MOUNTAINEER, GUNNISON COUNTY, COLORADO
The Mountaineer site is one of the largest known Folsom sites on the western slope of the Rocky Mountains. The site is located in the Upper Gunnison Basin, near the basin floor at an elevation of 7,800 feet. The topography of the Gunnison basin is unique. There are no routes into or out of the basin below 10,000 feet, except for the rugged black canyon of the Gunnison River to the west. No other high mountain basin in the Central or Southern Rockies is enclosed by such features. Due to these unique topographic features, travel into and out of the basin would be difficult, and would only be possible during the early summer through early fall.
The location of the site provides a good view of almost the entire valley in which the town of Gunnison currently sits. From atop the site, the riparian zones of the Gunnison River and Tomichi Creek can be seen, as well as the broad flat floodplain that may have been covered with grasslands and open coniferous forests during the terminal Pleistocene. Such an overlook is favorable for monitoring the movement of animals on the floor of the basin.
Work at the site began in the summer of 2000 by Mark Stiger and personnel from Western State College. Initial surface collection located at least fifteen separate artifact clusters with associated Folsom points, channel flakes, preforms, scrapers, a variety of other tools, and lots of flaking debris and bone fragments. The tool assemblage from Mountaineer is one of the largest known for Folsom sites on the western slope of Colorado, and the size of the assemblage continues to increase as more excavation is conducted. Currently, over 50 projectile points and preforms, and over 100 channel flakes have been found. The high diversity of tool types represented in the assemblage (including tool and point production debris, preforms broken during manufacture, broken/discarded point bases, and food or raw material processing tools like scrapers and gravers) suggests that Mountaineer may have served as a residential campsite where food items were processed.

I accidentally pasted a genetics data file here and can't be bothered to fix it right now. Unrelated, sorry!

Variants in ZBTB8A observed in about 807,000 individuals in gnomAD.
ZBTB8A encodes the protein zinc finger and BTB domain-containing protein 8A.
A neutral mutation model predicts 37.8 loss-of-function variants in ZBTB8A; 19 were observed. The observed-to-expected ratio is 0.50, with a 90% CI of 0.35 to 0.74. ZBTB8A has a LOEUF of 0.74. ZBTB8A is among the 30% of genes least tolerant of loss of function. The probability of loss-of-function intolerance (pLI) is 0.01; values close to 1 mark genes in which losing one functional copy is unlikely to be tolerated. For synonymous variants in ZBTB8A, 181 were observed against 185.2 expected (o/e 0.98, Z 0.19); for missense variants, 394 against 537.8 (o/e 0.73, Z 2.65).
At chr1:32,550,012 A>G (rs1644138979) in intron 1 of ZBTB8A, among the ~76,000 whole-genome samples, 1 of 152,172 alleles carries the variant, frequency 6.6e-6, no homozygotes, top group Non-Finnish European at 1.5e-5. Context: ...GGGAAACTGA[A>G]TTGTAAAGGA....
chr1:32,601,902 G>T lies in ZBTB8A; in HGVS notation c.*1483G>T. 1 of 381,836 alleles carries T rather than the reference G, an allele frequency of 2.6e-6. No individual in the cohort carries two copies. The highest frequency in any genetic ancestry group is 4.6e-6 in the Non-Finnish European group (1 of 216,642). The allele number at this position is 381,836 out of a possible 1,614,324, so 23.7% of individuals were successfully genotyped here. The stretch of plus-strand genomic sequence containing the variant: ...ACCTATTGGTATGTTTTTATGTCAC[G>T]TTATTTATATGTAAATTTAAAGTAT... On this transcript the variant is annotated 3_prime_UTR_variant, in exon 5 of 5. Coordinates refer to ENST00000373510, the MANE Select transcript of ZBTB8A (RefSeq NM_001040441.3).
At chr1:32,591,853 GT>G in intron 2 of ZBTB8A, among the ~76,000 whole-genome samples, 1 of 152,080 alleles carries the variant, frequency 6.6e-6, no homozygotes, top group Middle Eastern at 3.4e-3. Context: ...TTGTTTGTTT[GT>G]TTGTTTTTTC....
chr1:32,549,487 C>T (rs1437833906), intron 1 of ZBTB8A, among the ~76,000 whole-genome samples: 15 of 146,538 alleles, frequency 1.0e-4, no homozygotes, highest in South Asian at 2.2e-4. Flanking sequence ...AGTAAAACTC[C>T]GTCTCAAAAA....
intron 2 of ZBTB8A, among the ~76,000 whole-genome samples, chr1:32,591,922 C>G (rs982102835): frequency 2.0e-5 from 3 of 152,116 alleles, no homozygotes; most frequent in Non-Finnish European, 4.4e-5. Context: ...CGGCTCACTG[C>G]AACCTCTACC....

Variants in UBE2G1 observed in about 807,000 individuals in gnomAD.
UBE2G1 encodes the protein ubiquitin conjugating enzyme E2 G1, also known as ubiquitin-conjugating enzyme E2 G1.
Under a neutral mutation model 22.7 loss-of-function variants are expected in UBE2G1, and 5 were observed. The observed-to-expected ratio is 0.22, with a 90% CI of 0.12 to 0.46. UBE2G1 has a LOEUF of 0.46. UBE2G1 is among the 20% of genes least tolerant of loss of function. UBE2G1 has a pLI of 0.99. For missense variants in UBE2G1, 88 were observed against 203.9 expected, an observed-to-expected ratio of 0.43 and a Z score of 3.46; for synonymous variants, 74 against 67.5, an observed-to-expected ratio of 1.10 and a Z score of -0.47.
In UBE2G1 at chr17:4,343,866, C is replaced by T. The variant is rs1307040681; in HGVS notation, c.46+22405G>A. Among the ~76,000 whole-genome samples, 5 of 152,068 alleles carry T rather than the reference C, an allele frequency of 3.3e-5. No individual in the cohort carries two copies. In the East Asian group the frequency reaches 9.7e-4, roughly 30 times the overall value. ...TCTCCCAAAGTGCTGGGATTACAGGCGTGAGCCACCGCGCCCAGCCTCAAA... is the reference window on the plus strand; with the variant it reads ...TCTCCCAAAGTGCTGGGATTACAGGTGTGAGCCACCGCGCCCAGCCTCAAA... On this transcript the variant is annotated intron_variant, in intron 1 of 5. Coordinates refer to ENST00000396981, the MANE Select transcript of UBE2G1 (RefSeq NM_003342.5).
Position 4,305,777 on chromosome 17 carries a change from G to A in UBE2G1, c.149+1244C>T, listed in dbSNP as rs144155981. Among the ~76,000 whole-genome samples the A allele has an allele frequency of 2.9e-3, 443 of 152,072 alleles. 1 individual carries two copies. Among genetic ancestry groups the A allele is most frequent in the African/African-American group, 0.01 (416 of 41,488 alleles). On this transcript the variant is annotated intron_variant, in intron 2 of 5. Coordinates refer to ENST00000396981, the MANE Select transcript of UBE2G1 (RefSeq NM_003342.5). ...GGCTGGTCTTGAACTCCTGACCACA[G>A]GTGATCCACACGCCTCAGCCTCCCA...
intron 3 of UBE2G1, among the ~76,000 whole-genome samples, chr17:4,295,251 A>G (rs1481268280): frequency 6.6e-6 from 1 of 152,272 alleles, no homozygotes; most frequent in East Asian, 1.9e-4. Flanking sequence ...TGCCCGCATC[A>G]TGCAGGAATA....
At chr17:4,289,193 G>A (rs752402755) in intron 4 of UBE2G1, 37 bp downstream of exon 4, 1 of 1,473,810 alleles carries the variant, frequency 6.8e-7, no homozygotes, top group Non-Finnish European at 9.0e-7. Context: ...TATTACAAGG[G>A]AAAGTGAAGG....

Patterns of raw material usage at the site are interesting. The assemblage is dominated by local quartzites, and the majority of all tools, including projectile points, are made on this quartzite that is available within several kilometers of the site. The only exception to this are the scrapers – the majority of these are made out of what may be non-local chert, though the exact source location is currently unknown. The nearest known chert sources to the site, however, are no more than 10 kilometers away.
Excavations at Mountaineer have been conducted in two of the cluster areas. Excavation by Western State College in two clusters in an area on the southern edge of the mesa top has exposed a hearth feature and a series of post holes. Debitage and bone concentrations are high in an arc shape following the layout of the post holes. The tool assemblage from this cluster is dominated by point production debris, with only a limited number of scrapers, and relatively low concentrations of bone. Excavation in a cluster approximately 10 meters to the west have produced a tool assemblage with few projectile points and preforms, but a high number of scrapers and a very high density of bone. Bone at the site is highly fragmented.